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Where Did the Money Go? The Cost and Performance of the Largest Commercial Sector DSM Programs

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  • Joseph Eto
  • Suzie Kito
  • Leslie Shown
  • Richard Sonnenblick

Abstract

Spending on electricity energy-efficiency programs was responsible for most of the growth (and decline), and almost all of the energy savings from U. S. utility demand-side management (DSM) programs between 1990 and 1998. As a result of restructuring, utilities may never again assume such an important role in promoting electricity energy efficiency. However, as governments consider future domestic policies to promote energy efficiency in response to global environmental commitments, the potential of large-scale energy efficiency programs will likely be discussed. This article presents new information on a critical issue that will surely arise in these discussions: how much does it cost to save energy through programs that use monetary incentives and targeted information to influence individual customer decisions? We present findings from a detailed examination of the complete costs and measured energy savings from the largest commercial sector DSM programs operated by U.S. electric utilities in 1992. We extend the methodological considerations first identified by Joskow and Marron (1992) regarding differences among utility cost accounting conventions and savings evaluation methods. We quantify the impact of missing and incomplete data and, to the extent they can be assessed, demonstrate that our assumptions to address them are conservative in that they err on the side of overstating the apparent cost of saved energy. We find that the programs, as a whole, have saved energy at a cost of 3.2c/kWh. When compared to the cost of the energy they allowed the sponsoring utilities to avoid generating or purchasing (in the absence of these programs), we find that the programs, as a whole, are cost effective.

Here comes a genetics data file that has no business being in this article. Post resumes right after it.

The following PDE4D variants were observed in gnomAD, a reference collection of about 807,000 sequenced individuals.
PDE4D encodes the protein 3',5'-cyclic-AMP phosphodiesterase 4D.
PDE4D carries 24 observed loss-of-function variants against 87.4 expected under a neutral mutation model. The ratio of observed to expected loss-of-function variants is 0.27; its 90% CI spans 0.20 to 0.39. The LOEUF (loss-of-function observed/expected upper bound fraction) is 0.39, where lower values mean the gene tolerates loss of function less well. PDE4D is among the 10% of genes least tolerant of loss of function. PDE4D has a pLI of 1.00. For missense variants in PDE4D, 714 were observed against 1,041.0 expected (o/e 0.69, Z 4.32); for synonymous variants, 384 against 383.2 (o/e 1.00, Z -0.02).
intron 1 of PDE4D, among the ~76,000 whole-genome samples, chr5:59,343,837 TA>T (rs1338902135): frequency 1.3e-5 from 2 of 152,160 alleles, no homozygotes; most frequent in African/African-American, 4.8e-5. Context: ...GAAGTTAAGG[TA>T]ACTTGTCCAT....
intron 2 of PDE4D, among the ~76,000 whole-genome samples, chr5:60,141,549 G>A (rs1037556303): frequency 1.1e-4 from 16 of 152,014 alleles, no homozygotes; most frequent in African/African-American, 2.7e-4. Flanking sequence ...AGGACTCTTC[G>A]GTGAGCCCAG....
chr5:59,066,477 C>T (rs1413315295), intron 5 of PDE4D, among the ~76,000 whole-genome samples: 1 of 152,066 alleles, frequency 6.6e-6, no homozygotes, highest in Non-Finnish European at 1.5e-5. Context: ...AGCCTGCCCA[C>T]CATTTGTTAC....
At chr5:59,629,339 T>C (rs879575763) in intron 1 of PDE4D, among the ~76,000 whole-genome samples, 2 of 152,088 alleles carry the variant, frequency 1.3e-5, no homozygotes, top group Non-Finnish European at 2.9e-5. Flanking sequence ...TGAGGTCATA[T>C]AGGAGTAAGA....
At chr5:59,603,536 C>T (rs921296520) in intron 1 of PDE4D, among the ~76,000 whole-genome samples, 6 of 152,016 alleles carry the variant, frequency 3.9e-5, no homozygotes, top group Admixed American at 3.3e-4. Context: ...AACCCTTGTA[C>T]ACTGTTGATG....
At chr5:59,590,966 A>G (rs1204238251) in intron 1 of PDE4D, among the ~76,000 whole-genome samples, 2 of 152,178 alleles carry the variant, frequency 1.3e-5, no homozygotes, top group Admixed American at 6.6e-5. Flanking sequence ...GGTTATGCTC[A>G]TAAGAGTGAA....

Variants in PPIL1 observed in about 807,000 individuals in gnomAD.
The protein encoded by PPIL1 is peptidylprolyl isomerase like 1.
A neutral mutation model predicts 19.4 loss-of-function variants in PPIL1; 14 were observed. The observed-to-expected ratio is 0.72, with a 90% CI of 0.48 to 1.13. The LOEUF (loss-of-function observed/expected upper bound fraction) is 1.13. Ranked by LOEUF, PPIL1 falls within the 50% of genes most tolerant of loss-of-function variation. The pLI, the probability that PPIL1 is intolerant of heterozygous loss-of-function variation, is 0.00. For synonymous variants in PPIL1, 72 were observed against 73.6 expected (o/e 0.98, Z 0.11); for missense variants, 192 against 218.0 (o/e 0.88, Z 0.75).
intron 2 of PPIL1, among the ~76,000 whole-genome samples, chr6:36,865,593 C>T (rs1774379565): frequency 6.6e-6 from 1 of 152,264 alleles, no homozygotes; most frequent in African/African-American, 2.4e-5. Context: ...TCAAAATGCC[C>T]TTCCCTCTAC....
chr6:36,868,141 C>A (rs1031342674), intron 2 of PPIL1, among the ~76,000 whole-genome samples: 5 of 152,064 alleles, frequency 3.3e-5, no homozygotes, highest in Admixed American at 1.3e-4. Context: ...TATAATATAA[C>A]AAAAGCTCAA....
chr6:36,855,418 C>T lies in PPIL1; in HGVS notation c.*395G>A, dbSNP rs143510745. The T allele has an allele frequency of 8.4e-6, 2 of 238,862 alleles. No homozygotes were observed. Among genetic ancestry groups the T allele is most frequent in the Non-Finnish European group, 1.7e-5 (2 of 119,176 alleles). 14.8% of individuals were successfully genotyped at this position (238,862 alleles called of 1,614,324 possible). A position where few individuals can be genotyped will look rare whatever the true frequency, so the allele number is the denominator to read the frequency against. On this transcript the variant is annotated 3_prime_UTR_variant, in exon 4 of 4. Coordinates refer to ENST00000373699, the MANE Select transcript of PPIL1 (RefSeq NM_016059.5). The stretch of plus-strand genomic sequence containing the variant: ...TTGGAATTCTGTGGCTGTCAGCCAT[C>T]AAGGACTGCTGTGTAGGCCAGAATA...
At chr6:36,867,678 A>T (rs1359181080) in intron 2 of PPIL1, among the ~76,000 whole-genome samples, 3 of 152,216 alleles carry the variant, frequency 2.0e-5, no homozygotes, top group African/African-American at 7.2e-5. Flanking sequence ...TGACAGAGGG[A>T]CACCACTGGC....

Suggested Citation

  • Joseph Eto & Suzie Kito & Leslie Shown & Richard Sonnenblick, 2000. "Where Did the Money Go? The Cost and Performance of the Largest Commercial Sector DSM Programs," The Energy Journal, International Association for Energy Economics, vol. 0(Number 2), pages 23-49.
  • Handle: RePEc:aen:journl:2000v21-02-a02
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    Citations

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    Cited by:

    1. Toshi H. Arimura, Shanjun Li, Richard G. Newell, and Karen Palmer, 2012. "Cost-Effectiveness of Electricity Energy Efficiency Programs," The Energy Journal, International Association for Energy Economics, vol. 0(Number 2).
    2. Olsthoorn, Mark & Schleich, Joachim & Gassmann, Xavier & Faure, Corinne, 2017. "Free riding and rebates for residential energy efficiency upgrades: A multi-country contingent valuation experiment," Working Papers "Sustainability and Innovation" S10/2017, Fraunhofer Institute for Systems and Innovation Research (ISI).
    3. Kaiser, Mark J. & Pulsipher, Allan G., 2010. "Preliminary assessment of the Louisiana Home Energy Rebate Offer program using IPMVP guidelines," Applied Energy, Elsevier, vol. 87(2), pages 691-702, February.
    4. Kaiser, M.J. & Pulsipher, A.G., 2003. "A generalized modeling framework for public benefit fund program valuation," Energy, Elsevier, vol. 28(6), pages 519-538.
    5. Kemppi, Heikki & Perrels, Adriaan, 2003. "Liberalised Electricity Markets - Strengths and Weaknesses in Finland and Nordpool," Research Reports 97, VATT Institute for Economic Research.
    6. Frondel, Manuel & Schmidt, Christoph M., 2005. "Evaluating environmental programs: The perspective of modern evaluation research," Ecological Economics, Elsevier, vol. 55(4), pages 515-526, December.
    7. Boogen, Nina & Datta, Souvik & Filippini, Massimo, 2017. "Demand-side management by electric utilities in Switzerland: Analyzing its impact on residential electricity demand," Energy Economics, Elsevier, vol. 64(C), pages 402-414.
    8. Perrels, Adriaan, 2003. "Reconciling competitiveness and environmental objectives," Applied Energy, Elsevier, vol. 76(1-3), pages 75-87, September.
    9. Shiljkut, Vladimir M. & Rajakovic, Nikola Lj., 2015. "Demand response capacity estimation in various supply areas," Energy, Elsevier, vol. 92(P3), pages 476-486.
    10. Dulleck, Uwe & Kaufmann, Sylvia, 2004. "Do customer information programs reduce household electricity demand?--the Irish program," Energy Policy, Elsevier, vol. 32(8), pages 1025-1032, June.
    11. Kaiser, Mark J. & Pulsipher, Allan G. & Baumann, Robert H., 2004. "The potential economic and environmental impact of a Public Benefit Fund in Louisiana," Energy Policy, Elsevier, vol. 32(2), pages 191-206, January.

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    JEL classification:

    • F0 - International Economics - - General

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